Saturday, August 02, 2014
Thursday, July 31, 2014
I won an Etsy gift card in a drawing; Etsy has Andean plying tools available. Thanks to the wonders of the modern Internet and 2 day USPS shipping, I now have an Andean plying tool draped about with the last bit of the Murex ultrafine merino from Freyalyn. I should have taken a picture with the neatly wound fiber but I couldn't wait to start actually plying it so I didn't get the camera until half the single was already plyed.
Monday, June 02, 2014
Wednesday, May 07, 2014
Some years ago, I bought some tussah silk for the red bump it appeared to be and was mildly appalled to find bright turquoise bits inside. (There were also bright pink bits inside that I didn't expect but that will be another day's story.) Ordinarily I don't mind turquoise; in fact, I quite like it, but not when I think I'm buying a deep red shading to browns.
I spun some of the silk into a single and plied it with Malabrigo lace which I liked, but I did the three skeins of Malabrigo I had that way and I still had more than half the original silk bump left. I almost dumped it all into the guild fundraiser, but then I had another thought.
I split the silk into three categories: red shading to browns (what I originally thought I bought, for those keeping track), the Pink sections, and the turquoise bits. The turquoise sections turn out to be just longer than the staple length of the silk, so for the most part, each end is tipped in red. The turquoise is only more or less centered in the section depending on how accurate I was in the separation process (which is to say, not very).
I'm then dividing each bit into approximately five by pinching off a section at a time. If you've worked with silk top before, you will recognize that it can easily be divided longitudinally. The two bits on the left are working amounts of top; the five bits on the right are the full amount before dividing.
Each working bit is then folded in half and joined to the single in progress:
The drafting triangle pulls from both halves and merges the blue with the red to give me mostly purple in a much more muted shade. Short draw, obviously. Keeping the fibers parallel to each other until they are drafted out means that it can actually be drafted - silk doesn't like sliding if there's any twist at all.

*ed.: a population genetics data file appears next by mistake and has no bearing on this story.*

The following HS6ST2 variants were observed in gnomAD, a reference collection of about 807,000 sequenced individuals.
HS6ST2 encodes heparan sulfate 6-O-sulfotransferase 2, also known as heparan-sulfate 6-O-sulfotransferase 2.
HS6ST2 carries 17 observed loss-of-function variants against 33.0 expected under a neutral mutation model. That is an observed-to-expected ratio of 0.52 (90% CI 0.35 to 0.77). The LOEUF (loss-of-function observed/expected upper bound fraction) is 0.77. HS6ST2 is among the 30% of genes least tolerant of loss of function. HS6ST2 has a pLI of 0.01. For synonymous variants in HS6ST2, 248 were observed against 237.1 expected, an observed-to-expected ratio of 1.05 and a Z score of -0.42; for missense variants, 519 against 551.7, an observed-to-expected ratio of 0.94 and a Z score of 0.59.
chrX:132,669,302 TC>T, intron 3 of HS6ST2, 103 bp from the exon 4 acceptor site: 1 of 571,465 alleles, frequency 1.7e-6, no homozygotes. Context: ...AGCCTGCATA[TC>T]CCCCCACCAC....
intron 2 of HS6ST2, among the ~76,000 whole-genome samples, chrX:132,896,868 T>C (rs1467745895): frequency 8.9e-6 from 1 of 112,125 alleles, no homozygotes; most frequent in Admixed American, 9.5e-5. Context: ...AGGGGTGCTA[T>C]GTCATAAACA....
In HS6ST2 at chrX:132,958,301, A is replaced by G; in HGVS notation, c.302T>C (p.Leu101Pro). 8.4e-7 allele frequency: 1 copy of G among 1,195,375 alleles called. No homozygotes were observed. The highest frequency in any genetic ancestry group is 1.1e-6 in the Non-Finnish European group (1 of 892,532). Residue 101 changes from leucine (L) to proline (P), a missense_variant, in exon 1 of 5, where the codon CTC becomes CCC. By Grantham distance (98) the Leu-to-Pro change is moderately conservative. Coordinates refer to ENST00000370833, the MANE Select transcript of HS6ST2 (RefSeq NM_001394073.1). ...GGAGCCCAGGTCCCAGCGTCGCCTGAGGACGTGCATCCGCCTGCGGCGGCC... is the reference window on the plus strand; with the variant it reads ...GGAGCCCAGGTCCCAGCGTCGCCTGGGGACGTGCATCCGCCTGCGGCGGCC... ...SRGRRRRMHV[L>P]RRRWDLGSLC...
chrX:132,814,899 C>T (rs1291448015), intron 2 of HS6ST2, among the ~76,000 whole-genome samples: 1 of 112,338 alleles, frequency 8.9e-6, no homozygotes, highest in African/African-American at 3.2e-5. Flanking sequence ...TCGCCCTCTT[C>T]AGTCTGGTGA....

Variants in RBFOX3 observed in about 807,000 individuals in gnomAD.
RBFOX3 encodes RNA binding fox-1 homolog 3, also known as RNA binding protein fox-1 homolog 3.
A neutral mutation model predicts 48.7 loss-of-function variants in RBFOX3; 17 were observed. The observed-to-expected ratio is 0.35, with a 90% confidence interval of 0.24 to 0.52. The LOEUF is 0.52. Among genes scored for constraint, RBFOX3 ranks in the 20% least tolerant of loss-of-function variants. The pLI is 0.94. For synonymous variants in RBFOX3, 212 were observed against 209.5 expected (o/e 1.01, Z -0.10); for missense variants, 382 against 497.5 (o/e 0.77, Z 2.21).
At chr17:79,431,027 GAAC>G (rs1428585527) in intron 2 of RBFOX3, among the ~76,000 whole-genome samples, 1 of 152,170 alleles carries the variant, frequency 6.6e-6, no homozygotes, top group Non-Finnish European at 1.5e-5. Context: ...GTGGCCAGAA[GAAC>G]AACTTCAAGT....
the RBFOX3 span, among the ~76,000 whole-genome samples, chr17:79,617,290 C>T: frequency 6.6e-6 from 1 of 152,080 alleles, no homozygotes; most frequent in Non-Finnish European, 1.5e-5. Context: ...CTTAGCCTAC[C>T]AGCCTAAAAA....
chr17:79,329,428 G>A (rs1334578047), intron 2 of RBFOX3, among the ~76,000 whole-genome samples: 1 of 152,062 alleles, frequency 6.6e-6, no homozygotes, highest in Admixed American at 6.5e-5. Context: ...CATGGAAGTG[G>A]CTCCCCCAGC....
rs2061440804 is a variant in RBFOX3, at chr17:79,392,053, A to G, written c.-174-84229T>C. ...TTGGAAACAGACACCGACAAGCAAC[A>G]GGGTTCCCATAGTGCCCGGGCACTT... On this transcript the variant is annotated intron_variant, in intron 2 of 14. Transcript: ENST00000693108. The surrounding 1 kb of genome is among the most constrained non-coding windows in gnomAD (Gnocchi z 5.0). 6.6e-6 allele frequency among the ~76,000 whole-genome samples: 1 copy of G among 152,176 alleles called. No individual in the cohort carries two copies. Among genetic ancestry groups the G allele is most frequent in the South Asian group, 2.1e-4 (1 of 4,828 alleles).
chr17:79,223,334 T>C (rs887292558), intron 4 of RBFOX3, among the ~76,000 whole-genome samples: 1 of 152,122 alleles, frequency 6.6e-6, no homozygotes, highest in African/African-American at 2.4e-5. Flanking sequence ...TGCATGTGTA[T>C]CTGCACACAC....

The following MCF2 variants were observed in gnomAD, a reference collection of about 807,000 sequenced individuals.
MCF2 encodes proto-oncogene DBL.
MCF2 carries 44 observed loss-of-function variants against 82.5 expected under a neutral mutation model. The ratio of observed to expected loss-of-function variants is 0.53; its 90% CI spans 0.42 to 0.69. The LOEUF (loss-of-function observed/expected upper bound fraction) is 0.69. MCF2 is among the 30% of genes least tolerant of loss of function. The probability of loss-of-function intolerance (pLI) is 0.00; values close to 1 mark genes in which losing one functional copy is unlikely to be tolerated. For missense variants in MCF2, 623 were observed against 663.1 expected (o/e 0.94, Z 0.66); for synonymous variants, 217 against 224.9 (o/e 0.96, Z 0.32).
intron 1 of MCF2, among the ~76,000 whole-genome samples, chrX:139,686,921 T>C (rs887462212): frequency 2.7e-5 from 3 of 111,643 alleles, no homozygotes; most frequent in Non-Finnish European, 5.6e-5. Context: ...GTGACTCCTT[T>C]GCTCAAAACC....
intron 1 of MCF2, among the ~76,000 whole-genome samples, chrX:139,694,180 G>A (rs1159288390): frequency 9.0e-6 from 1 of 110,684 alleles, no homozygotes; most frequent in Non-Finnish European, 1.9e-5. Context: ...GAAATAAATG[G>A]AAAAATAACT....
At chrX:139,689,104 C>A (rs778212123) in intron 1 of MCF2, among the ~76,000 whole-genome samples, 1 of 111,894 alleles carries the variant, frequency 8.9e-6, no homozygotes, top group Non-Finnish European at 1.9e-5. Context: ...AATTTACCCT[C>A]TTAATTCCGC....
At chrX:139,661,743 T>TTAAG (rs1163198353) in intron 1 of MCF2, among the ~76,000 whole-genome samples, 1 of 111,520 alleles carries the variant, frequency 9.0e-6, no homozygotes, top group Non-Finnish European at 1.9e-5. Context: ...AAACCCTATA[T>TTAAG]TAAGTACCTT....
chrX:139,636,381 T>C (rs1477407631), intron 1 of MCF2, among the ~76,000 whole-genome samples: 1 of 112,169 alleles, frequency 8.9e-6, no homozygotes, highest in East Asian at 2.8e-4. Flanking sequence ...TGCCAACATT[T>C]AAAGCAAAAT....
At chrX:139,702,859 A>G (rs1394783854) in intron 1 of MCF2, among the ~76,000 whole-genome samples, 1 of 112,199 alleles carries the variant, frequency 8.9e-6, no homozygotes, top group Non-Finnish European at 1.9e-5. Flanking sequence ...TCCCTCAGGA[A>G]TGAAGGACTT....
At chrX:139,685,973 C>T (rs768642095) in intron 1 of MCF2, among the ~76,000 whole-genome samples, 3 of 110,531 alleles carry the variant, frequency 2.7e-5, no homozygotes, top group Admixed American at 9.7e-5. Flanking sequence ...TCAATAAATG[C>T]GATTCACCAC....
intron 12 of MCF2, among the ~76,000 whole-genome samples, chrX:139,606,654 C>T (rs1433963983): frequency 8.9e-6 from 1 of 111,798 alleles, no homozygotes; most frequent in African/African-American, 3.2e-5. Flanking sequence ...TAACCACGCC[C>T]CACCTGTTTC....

The single still shows the red and blue but the final version is something I might wear.
You know: Eventually.
Thursday, May 01, 2014
I got to thinking about my Bosworth spindles which haven't all been in one place in quite a while. I hadn't noticed that they had all acquired silk. Birdseye maple midi with natural tussah silk dyed by me in a bound resist on the left. On the right we have a moosie with natural bombyx silk, a tulipwood mini with natural bombyx hankies and a walnut featherweight with commercially dyed tussah that was almost certainly bleached not natural.
That was probably the last bleached tussah I'll ever buy - I just don't like the chalky feel it gives the silk.
I'm off to MS&W and I've got to decide what size I want next... The midi is as large as I plan to go, I like the moosie but don't need a second - I think it will come down to what choices are available in the featherweight and mini sizes. I already have a second mini somewhere in the world, but the bag it was in went missing three or four years ago and I'm slowly losing hope in finding it again. Maybe if I replace it, I'll find it?
One missing knitting (wegman's reusable grocery) bag with one mini Bosworth, the fiber on and with it (who knows now what it was) and the last ball of yarn needed to finish a stole. Obviously if I'd had any sense I would have given up ages ago and replaced the replaceable things. If I'd done that I'd know where my bag was by now.